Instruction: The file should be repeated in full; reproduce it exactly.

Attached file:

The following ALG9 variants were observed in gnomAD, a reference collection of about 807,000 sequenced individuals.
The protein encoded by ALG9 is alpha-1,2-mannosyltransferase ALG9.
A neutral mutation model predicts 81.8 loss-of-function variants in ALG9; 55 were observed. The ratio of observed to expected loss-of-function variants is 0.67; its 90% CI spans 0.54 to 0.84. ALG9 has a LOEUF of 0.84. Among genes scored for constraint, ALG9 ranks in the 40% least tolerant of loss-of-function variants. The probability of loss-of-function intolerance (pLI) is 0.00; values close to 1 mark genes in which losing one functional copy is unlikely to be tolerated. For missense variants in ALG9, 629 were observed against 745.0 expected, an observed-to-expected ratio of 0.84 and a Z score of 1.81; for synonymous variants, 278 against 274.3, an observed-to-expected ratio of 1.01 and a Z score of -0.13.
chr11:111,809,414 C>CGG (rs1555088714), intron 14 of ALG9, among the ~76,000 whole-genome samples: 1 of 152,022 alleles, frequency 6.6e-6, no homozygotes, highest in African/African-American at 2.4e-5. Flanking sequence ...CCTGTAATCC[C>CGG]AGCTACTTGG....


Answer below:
The following ALG9 variants were observed in gnomAD, a reference collection of about 807,000 sequenced individuals.
The protein encoded by ALG9 is alpha-1,2-mannosyltransferase ALG9.
A neutral mutation model predicts 81.8 loss-of-function variants in ALG9; 55 were observed. The ratio of observed to expected loss-of-function variants is 0.67; its 90% CI spans 0.54 to 0.84. ALG9 has a LOEUF of 0.84. Among genes scored for constraint, ALG9 ranks in the 40% least tolerant of loss-of-function variants. The probability of loss-of-function intolerance (pLI) is 0.00; values close to 1 mark genes in which losing one functional copy is unlikely to be tolerated. For missense variants in ALG9, 629 were observed against 745.0 expected, an observed-to-expected ratio of 0.84 and a Z score of 1.81; for synonymous variants, 278 against 274.3, an observed-to-expected ratio of 1.01 and a Z score of -0.13.
chr11:111,809,414 C>CGG (rs1555088714), intron 14 of ALG9, among the ~76,000 whole-genome samples: 1 of 152,022 alleles, frequency 6.6e-6, no homozygotes, highest in African/African-American at 2.4e-5. Flanking sequence ...CCTGTAATCC[C>CGG]AGCTACTTGG....